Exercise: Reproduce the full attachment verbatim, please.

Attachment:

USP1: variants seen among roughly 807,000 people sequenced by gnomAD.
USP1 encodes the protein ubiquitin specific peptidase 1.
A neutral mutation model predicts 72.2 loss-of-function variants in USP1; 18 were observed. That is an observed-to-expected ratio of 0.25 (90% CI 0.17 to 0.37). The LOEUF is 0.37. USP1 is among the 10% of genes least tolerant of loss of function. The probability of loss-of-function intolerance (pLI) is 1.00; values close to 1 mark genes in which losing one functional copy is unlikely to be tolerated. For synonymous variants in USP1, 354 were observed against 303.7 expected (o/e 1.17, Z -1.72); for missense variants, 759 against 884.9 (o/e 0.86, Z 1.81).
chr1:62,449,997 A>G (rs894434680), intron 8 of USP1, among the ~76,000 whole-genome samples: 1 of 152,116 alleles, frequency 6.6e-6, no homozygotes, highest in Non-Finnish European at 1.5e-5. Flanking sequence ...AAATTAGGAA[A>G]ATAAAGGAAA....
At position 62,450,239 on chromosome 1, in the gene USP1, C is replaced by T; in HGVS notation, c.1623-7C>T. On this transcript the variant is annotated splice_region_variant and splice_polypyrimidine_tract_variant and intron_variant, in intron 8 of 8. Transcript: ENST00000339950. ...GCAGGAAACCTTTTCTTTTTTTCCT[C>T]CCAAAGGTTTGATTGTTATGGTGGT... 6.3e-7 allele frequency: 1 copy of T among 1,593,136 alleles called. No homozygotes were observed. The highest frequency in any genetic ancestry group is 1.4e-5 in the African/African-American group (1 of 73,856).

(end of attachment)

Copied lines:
USP1: variants seen among roughly 807,000 people sequenced by gnomAD.
USP1 encodes the protein ubiquitin specific peptidase 1.
A neutral mutation model predicts 72.2 loss-of-function variants in USP1; 18 were observed. That is an observed-to-expected ratio of 0.25 (90% CI 0.17 to 0.37). The LOEUF is 0.37. USP1 is among the 10% of genes least tolerant of loss of function. The probability of loss-of-function intolerance (pLI) is 1.00; values close to 1 mark genes in which losing one functional copy is unlikely to be tolerated. For synonymous variants in USP1, 354 were observed against 303.7 expected (o/e 1.17, Z -1.72); for missense variants, 759 against 884.9 (o/e 0.86, Z 1.81).
chr1:62,449,997 A>G (rs894434680), intron 8 of USP1, among the ~76,000 whole-genome samples: 1 of 152,116 alleles, frequency 6.6e-6, no homozygotes, highest in Non-Finnish European at 1.5e-5. Flanking sequence ...AAATTAGGAA[A>G]ATAAAGGAAA....
At position 62,450,239 on chromosome 1, in the gene USP1, C is replaced by T; in HGVS notation, c.1623-7C>T. On this transcript the variant is annotated splice_region_variant and splice_polypyrimidine_tract_variant and intron_variant, in intron 8 of 8. Transcript: ENST00000339950. ...GCAGGAAACCTTTTCTTTTTTTCCT[C>T]CCAAAGGTTTGATTGTTATGGTGGT... 6.3e-7 allele frequency: 1 copy of T among 1,593,136 alleles called. No homozygotes were observed. The highest frequency in any genetic ancestry group is 1.4e-5 in the African/African-American group (1 of 73,856).